Thursday, 9 March 2017

Another Battle At Sea

Battle At Sea
Battle On The Sand
Battle In Space
Hell Rock

To these, add the Battle of the Cutty Sark in SM Stirling, The Protector's War (New York, 2006), Chapter Eight, pp. 227-237.

I really dislike mass slaughter and hope that mankind stops doing it soon. However, it is part of our history and can be exciting to read about even when it involves a man's head being smashed like a melon dropped on concrete. (Stirling, p. 230)

When a band of archers efficiently kills a horde of attacking pirates, thus saving some of their own lives, then there is some satisfaction in reading about a job well done. As the Tasmanians approach the pirates from the rear, one looks back - and John Hordle puts an arrow through his mouth and neck from a moving platform at nearly two hundred yards. The pirate drops unnoticed by his comrades. We have celebrated Hordle's archery before.


Sean M. Brooks said...

Kaor, Paul!

Of course I agree with you in sharing your dislike for war. But unlike some you are realistic about it--admitting it is a part of human life and history. Albeit, I'm more pessimistic about the prospects of ending wars than you are.

I remember this incident as well, about the Muslim pirates attacking the CUTTY SARK. One of the MANY unfortunate consequences of the Change was a revival of Moorish piracy against all who were not Muslims. One of the earliest fought by the recently founded United States was against the Barbary Pirates of North Africa, because they had been preying on American shipping and enslaving the crews.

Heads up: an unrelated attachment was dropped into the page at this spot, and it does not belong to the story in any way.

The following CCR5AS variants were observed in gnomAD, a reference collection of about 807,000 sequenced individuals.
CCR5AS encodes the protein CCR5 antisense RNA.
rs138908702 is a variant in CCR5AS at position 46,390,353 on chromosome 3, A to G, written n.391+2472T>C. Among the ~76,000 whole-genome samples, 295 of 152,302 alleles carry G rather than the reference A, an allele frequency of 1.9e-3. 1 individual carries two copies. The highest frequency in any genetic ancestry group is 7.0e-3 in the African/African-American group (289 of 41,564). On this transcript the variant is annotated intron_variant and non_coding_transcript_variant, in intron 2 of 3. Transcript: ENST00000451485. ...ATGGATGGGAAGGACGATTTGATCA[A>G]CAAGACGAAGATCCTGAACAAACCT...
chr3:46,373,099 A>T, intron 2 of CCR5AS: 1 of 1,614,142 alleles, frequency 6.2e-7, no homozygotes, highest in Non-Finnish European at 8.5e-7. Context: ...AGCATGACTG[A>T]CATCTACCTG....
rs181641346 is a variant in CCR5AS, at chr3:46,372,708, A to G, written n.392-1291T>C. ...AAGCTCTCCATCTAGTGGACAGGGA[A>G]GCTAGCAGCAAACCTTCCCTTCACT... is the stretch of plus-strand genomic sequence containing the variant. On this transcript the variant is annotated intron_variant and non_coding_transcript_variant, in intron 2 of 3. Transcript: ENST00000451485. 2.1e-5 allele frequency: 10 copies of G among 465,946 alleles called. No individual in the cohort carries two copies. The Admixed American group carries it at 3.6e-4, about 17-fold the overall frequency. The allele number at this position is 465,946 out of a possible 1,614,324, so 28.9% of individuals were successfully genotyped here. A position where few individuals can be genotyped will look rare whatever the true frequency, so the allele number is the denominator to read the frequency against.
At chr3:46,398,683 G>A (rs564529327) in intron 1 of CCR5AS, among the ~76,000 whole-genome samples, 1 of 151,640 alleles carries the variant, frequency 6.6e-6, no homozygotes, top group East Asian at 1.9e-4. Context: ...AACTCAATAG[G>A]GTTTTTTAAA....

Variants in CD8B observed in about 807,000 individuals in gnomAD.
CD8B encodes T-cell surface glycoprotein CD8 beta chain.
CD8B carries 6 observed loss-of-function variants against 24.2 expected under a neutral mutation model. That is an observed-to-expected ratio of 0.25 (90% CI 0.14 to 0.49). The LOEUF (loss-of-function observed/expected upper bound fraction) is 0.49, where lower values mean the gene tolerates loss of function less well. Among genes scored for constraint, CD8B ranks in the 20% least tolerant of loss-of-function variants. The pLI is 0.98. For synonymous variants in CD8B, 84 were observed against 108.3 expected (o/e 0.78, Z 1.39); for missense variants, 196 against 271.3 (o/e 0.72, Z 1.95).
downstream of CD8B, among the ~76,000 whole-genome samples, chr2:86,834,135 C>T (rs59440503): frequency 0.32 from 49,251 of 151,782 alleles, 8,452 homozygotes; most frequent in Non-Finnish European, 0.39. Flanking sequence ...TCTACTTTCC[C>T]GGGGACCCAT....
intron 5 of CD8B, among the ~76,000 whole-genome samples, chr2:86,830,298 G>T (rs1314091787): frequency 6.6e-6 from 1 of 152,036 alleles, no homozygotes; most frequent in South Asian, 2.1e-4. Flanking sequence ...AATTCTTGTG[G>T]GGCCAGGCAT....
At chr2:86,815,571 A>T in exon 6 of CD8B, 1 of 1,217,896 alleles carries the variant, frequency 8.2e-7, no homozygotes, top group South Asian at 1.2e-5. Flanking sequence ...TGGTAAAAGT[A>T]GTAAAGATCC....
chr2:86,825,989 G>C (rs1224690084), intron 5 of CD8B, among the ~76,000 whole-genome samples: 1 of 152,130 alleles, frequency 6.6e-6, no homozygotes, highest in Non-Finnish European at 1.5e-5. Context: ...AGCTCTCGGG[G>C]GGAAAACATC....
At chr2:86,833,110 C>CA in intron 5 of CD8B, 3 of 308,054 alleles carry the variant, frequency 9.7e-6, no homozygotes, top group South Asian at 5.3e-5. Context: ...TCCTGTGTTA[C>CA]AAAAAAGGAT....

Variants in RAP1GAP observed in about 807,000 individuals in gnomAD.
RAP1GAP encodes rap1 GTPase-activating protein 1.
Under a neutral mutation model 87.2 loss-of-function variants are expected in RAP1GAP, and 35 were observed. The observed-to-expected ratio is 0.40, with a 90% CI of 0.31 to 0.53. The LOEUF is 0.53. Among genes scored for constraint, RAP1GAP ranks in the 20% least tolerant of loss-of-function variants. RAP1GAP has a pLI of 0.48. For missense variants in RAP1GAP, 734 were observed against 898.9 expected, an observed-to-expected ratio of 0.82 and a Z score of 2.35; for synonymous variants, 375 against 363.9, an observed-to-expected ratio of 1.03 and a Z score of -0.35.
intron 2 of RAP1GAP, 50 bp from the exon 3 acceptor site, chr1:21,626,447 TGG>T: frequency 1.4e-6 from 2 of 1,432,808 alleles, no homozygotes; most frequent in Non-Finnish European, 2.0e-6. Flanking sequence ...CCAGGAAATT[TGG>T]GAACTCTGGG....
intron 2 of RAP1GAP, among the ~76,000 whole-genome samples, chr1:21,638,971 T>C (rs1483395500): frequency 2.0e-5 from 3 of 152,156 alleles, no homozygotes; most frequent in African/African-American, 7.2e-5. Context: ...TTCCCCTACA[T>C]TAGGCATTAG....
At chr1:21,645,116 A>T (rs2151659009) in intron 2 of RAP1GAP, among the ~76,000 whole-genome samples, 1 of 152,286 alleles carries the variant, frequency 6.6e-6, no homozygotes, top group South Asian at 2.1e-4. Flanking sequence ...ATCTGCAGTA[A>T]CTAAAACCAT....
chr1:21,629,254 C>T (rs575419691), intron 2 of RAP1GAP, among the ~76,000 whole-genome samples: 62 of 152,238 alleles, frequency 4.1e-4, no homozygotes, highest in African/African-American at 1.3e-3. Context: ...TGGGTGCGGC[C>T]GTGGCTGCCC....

Ketlan said...

Absolutely nothing to do with Poul Anderson but seeing the recently rebuilt Cutty Sark on the blog reminded me of how I used to play aboard it when I was a kid (when the staff allowed me on without paying). My grandma, who I lived with for a while, lived just a few yards away in King William Walk. I spent many happy hours both on board the Cutty Sark and playing in the dry dock, in which the ship sat.

Sean M. Brooks said...

Kaor, Ketland!

Those were easier going days if you could play on the CUTTY SARK as a boy. You sure can't do that with the US equivalent: the USS Constitution.


Paul Shackley said...

The blog is about Poul Anderson and related sf authors and any issues that they raise like religion, war, England, the Cutty Sark etc so your comment is highly relevant and adds a new dimension to SM Stirling's THE PROTECTOR'S WAR. Not only does Sir Nigel meet Prince William on the Cutty Sark but also, decades earlier, Ketlan Ossowski had played on it.